Business & Real Estate
- Published on Wednesday, 24 October 2012 01:00
- Written by Diego Abeloos - Staff Writerfirstname.lastname@example.org
Photo By: Courtesy of Savino
Scott Tavenner drew inspiration to create Savino from an incident 15 years ago. The Mountain View resident debuted his new product, a wine preservation carafe, Friday at Los Altos Golf and Country Club.
Mountain View resident Scott Tavenner believes he’s finally found the solution to something that’s been bothering him for more than a decade.
A wine enthusiast, Tavenner distinctly recalls not finishing the bottle of pricey wine he and his wife had purchased shortly after their wedding 15 years ago. The next morning, he examined what remained of the wine and realized instantly it wasn’t the same. Oxygen had infiltrated the wine, leaving it tasting flat and lacking its original flavor profile.
Tavenner began tinkering with wine-preservation methods. Six months ago he decided to get serious and hired a small team of designers to convert his ideas into reality. The end result is Savino, a wine preservation carafe that Tavenner said is as “elegant, simple and ceremonial as wine itself.”
“After 15 years of toying with this, I said, ‘I can do better,’” shared Tavenner, who hosted a product launch party for Savino at the Los Altos Golf and Country Club Friday.
The successful idea behind his invention sprouted from his first meeting with the designers as they proposed various design concepts. Simply put, Tavenner said he shifted his thinking on where to manipulate the environment to preserve the wine.
“What I noticed is that wine preservation systems typically focus on the environment of the wine bottle,” he said, calling the concept of pouring the wine into a designed preservation vessel “a lightning-in-the-bottle moment.”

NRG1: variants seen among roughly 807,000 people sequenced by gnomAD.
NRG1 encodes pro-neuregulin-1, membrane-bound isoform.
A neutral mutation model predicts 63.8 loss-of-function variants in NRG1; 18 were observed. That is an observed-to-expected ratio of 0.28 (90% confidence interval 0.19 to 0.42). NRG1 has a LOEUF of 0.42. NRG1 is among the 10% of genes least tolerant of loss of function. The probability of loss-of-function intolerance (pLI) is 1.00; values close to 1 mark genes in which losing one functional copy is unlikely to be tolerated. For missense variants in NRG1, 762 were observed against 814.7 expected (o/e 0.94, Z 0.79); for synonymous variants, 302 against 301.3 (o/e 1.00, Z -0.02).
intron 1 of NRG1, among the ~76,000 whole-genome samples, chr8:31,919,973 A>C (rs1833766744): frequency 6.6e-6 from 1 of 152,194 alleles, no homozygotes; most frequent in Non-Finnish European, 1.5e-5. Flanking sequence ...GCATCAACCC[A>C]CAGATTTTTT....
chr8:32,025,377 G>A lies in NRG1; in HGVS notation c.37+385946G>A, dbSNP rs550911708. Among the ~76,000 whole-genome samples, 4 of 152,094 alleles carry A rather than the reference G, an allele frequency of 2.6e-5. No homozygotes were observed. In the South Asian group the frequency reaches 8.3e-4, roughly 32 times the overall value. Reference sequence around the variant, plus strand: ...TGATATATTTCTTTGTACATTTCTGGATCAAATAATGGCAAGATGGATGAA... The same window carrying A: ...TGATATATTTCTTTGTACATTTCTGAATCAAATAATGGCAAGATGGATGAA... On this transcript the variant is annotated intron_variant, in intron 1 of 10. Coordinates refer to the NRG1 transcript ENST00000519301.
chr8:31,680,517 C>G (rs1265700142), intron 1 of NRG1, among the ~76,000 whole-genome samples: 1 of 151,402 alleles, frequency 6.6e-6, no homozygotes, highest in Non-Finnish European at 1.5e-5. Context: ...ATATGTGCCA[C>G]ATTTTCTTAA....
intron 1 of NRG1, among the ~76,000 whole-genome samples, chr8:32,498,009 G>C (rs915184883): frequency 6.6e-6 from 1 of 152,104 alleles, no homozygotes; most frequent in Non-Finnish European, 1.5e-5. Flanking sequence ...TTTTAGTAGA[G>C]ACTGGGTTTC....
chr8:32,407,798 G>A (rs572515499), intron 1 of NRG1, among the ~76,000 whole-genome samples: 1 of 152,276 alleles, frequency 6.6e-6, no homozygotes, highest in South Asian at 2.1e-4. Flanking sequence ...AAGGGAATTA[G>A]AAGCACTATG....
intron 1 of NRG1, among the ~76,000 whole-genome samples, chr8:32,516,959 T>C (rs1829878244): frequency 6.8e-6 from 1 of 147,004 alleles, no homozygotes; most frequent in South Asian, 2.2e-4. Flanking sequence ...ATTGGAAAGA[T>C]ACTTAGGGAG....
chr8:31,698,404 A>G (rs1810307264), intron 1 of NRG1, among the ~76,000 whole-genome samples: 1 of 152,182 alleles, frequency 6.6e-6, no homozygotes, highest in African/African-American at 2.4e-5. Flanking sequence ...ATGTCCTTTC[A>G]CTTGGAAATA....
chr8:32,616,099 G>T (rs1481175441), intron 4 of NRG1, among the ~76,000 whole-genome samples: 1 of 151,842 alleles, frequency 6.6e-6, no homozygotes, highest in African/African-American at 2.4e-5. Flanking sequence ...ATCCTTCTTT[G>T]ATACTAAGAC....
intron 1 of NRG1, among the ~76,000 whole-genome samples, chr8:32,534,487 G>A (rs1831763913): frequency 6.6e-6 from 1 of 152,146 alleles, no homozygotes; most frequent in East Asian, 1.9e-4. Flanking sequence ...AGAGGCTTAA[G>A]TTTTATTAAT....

To that end, Tavenner said Savino offers a practical, simple solution. The carafe is constructed with a combination of high-grade glass and food-grade plastic and silicone. A float that rests on the surface of the wine acts as a physical barrier to oxygen, leaving a 1/16-inch gap between the float and the inner wall of the vessel.
When the carafe is tilted horizontally, the float shifts with the surface of the wine to avoid obstructing the pouring. A drip-free carafe lip, he noted, is another component he included for smooth pouring.
“When we talk about innovation, it doesn’t have to be ones and zeros,” said Tavenner, who has spent the bulk of his career working in Internet advertising and marketing for high-tech startup companies in the Bay Area. “Innovation is everywhere. … Often the simplest things done well are some of the best innovations. After you see it, it becomes obvious.”
Tavenner added that Savino will be manufactured in the United States and is available online for $49 per carafe.
“We really tried to think through a great experience from a consumer’s perspective,” he said. “One of our underlying principles was to have it manufactured here.”
Tavenner added that observing years of tinkering with various concepts turn into the real thing is a surreal experience.
“I’m so excited I can’t sleep,” he said. “It’s been an incredible journey with extremely talented people and a product I’m really proud of. It’s really just fantastic.”
For more information, visit www.savinowine.com.